Entertainment 349 results

Movies, music and popular culture reports from Ex-Press staff

3Score

The Post Delivers Big Message Sans Emotional Stamp

Movie review: The Post Tom Hanks and Meryl Streep play second fiddle to a 7,000-page stack of paper and an old Xerox machine in Steven Spielberg's well-intentioned history lesson about lying Presidents

Small Wins, Big Tanks: Top Ten Movies of 2017

Movies: Top Ten Films of 2017 Film critic Katherine Monk looks back on a year without frontrunners or favourites, making 2017's top choices a truly personal matter with I, Tonya, Icarus and Wonder Woman landing on the podium, and plenty of other worthy contenders in the race. By Katherine Monk It seems the President and Harvey Weinstein eclipsed the klieg lights of the entertainment world: There is no artistic standout, nor crowd-pleasing frontrunner in the race for this year’s movie laurels as the recent Golden Globe ceremony proved. The five major awards were handed out to four films. No Moonlight. No Lala Land. Not even a Hidden Figures. The year 2017 will be remembered for the last-minute resuscitation at the box-office thanks to Star Wars’s enduring shock paddles, pulling a loser year into so-so territory in the home stretch with more than half a billion in receipts for The Last Jedi. Nonetheless, revenues were down 2.7 per cent ($11 billion US) over 2016’s ...
4Score

I, Tonya Has a Triple Axel to Grind

Movie review: I, Tonya Margot Robbie goes for the gold as disgraced figure skater Tonya Harding in Craig Gillespie's dazzling ode to dysfunction that captures the early daze of reality-based entertainment
3Score

Wonder Wheel A Troubled Retread of 20th Century Trailblazers

Movie review: Wonder Wheel Woody Allen's direction is just plain wooden as he hands the dramatic tray to Kate Winslet, forcing her to serve up a bland meatloaf formed from F. Scott Fitzgerald scraps and Tennessee Williams's vulnerable female gristle  

The Disaster Artist

Movies: #TIFF17 Jay Stone goes from cornflakes to a promising Canadian movie, stopping along the way to check in with Tommy Wiseau and Margaret Atwood

NFB offers early gifts

Brief: Canadian Film The National Film Board of Canada wants you to unwrap your present of Canadian presence, offering 20 award-winning movies on-line for free, starting today By Katherine Monk (December 7, 2017) --  Naughty? Nice? No matter. The National Film Board is giving everyone a gift by posting 20 award-winning movies on-line — for free. Starting today, Canadian film fans can take in an assortment of documentaries and animated films, including Sarah Polley’s The Stories We Tell, a timeless portrait of her own family and its secrets, as well as Mina Shum’s Ninth Floor, a documentary about racial tensions at Concordia and the scars that linger decades later. Perhaps best suited to the Christmas season is Payback, Jennifer Baichwal’s big screen take on Margaret Atwood’s Massey Lecture outlining the unspoken balance sheet that exists between humans. “We all have these scales of acknowledged or unacknowledged balances in our heads. Some are family things. ...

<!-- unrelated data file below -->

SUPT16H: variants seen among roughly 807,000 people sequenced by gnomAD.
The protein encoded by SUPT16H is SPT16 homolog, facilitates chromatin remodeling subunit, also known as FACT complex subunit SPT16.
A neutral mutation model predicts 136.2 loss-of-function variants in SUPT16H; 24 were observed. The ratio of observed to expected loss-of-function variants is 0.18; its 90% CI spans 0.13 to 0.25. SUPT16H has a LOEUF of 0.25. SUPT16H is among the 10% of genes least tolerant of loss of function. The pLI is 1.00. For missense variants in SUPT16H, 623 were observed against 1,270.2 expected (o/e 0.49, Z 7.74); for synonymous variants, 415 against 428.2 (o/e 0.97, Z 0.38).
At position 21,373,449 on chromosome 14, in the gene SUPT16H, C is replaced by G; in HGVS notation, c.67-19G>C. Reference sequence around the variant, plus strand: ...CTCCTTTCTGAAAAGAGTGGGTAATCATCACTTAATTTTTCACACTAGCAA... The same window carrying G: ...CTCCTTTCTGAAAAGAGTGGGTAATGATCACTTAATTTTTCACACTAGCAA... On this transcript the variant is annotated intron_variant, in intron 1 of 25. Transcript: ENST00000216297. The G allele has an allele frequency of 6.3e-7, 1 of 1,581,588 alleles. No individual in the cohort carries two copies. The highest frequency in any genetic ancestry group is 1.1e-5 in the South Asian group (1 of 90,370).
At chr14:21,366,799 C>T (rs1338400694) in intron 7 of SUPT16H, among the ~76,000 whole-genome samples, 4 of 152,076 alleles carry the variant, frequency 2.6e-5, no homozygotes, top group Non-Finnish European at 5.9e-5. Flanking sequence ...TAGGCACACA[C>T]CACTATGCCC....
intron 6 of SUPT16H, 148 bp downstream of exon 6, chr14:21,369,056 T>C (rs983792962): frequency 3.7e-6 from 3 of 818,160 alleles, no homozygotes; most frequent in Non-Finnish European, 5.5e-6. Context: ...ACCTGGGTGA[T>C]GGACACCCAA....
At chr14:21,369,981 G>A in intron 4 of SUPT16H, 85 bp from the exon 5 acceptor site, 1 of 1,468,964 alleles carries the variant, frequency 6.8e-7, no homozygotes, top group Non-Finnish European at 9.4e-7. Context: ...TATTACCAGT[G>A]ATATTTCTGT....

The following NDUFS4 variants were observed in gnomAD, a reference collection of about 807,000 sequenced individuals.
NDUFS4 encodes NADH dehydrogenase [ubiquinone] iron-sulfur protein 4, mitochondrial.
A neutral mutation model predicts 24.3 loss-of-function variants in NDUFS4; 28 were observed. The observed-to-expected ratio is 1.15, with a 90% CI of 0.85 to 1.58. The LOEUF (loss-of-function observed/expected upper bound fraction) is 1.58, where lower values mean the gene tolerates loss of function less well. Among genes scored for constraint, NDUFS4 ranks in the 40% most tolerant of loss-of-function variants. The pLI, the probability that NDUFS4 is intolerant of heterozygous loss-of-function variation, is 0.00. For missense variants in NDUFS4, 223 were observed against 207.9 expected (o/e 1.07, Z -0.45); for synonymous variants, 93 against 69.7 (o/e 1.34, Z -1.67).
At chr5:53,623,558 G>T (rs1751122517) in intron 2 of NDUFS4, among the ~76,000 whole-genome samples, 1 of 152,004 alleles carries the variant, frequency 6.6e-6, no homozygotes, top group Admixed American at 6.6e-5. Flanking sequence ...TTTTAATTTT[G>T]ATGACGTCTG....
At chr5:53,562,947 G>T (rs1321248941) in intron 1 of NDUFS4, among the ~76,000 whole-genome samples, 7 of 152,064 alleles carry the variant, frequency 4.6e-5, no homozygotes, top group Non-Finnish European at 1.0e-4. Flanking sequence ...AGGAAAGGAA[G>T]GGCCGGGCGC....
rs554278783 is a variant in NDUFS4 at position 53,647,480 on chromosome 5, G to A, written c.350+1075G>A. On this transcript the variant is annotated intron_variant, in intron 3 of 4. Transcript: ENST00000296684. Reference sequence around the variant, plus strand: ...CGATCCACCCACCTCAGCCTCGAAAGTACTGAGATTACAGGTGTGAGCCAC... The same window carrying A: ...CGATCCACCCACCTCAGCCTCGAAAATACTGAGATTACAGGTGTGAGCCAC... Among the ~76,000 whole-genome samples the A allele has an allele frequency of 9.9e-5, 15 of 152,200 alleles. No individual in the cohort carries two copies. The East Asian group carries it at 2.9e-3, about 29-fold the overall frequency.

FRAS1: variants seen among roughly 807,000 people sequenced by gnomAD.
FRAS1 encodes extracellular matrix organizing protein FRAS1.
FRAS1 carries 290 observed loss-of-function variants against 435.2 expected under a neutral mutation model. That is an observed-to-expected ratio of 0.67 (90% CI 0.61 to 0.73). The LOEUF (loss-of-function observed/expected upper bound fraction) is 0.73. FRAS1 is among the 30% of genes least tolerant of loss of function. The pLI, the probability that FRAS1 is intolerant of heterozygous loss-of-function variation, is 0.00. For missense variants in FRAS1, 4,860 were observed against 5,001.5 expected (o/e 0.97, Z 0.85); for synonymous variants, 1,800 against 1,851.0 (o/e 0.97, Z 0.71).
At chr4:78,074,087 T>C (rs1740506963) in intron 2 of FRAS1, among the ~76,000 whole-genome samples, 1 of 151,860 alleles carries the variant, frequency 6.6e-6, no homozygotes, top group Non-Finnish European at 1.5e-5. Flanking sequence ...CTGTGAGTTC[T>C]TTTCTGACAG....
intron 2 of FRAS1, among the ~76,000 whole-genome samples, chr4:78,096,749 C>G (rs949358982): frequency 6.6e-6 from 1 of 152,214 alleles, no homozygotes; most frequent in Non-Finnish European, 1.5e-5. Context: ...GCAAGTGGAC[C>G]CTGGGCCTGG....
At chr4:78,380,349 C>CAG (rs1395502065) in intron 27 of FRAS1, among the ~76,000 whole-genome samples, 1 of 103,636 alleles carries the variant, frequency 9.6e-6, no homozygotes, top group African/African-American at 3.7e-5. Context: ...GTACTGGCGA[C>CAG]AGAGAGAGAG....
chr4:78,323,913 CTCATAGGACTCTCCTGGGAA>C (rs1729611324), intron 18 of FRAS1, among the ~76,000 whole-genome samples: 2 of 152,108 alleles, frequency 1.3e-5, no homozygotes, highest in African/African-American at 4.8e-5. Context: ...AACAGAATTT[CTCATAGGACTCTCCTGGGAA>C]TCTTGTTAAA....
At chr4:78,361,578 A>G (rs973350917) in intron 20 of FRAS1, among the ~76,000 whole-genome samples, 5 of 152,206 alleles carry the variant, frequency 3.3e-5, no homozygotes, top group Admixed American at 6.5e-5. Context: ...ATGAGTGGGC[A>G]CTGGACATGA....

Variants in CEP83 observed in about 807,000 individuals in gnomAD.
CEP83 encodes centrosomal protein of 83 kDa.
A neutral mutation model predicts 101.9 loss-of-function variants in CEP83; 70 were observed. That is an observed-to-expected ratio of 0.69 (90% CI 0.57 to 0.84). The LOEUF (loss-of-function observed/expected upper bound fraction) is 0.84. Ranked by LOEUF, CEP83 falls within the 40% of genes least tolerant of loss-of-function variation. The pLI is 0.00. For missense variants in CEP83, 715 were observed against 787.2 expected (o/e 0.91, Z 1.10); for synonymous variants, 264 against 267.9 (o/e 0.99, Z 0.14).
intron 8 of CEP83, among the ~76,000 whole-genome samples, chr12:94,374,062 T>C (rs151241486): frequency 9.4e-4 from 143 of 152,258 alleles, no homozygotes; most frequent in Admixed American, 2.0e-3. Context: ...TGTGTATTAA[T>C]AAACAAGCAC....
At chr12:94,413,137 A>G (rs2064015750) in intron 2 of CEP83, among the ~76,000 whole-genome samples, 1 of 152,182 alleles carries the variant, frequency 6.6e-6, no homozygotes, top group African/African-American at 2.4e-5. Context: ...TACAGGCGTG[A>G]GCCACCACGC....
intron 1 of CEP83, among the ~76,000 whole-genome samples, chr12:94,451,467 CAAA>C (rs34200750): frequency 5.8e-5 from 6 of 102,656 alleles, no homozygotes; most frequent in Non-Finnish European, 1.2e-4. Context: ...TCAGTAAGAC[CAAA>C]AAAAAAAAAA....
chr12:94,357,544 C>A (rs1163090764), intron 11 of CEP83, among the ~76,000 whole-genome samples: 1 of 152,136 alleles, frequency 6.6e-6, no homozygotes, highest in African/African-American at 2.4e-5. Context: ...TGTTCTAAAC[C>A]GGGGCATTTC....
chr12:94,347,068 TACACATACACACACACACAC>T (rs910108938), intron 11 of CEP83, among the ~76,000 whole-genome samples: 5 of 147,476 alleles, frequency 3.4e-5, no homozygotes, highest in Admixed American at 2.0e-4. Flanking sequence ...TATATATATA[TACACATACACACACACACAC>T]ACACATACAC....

Canada’s Sundance 2018 Delegation: Sexy and Animated

News Brief: Canadian Film Three NFB shorts and four Canadian world premieres selected for the prestigious independent film festival founded by Robert Redford By The Ex-Press VANCOUVER — A sexy wolf washing repairman, epic girl crushes and a Croatian co-production about a hedgehog’s quest for home will be heading to Park City as part of the National Film Board’s Sundance Film Festival delegation. Accepted into this year’s short film competition are Diane Obomsawin’s LGBTQ-themed I Like Girls, Chintis Lundgren’s Manivald — a howling take on the Maytag man, and Eva Cvijanovic’s Hedgehog’s Home, a stop-motion story of hedgehog domesticity. According to the news release issued Monday, the three films have already pulled in more than 40 international awards before heading to Utah in the New Year. In addition to the three NFB shorts, the following Canadian projects will also be taking part in the recently announced feature program with several world premieres, ...
4Score

The Man Who Invented Christmas Presents Panicky Dickens

Movie Review: The Man Who Invented Christmas Dan Stevens brings comic swagger and emotional complexity to the role of the famed writer on a losing streak, but Christopher Plummer is the Christmas pudding in this feast of holiday messages

Fellipe Barbosa Follows Dead Friend’s Footsteps on the Mountain

Interview: Fellipe Barbosa Gabriel and the Mountain tells the story of Gabriel Buchmann, a 28-year-old Fulbright scholar who perished on Mulanje Mountain in Malawi in 2009. Former classmate and Brazilian filmmaker Fellipe Barbosa says he didn't want to make an ode to his old friend, but an honest account of his beautiful contradictions. By Katherine Monk VANCOUVER, BC — Fellipe Barbosa’s first memory of Gabriel Buchmann was as a seven-year-old, studying at an all-boys Catholic school in Rio de Janeiro. “He was looking at me from a distance. He was very observant. He would study emotions. He was more shy, then.” Barbosa hesitates. “Eventually… I went to the U.S. to study film at the age of 19, and we lost touch.” They would never have the chance to reconnect in the flesh. Buchmann died of exposure climbing Mulanje Mountain in Malawi in 2009. His tragic death became a headline that captured the hearts and minds of Brazilians: A Fulbright Scholar heads to Africa in ...
3Score

Murders More Than it Can Chew Chew

Review: Murder on the Orient Express Murder on the Orient Express remake pulls out of the station in fine style, only to get stuck in a blustery snow drift of Kenneth Branagh closeups and an avalanche of wasted A-list talent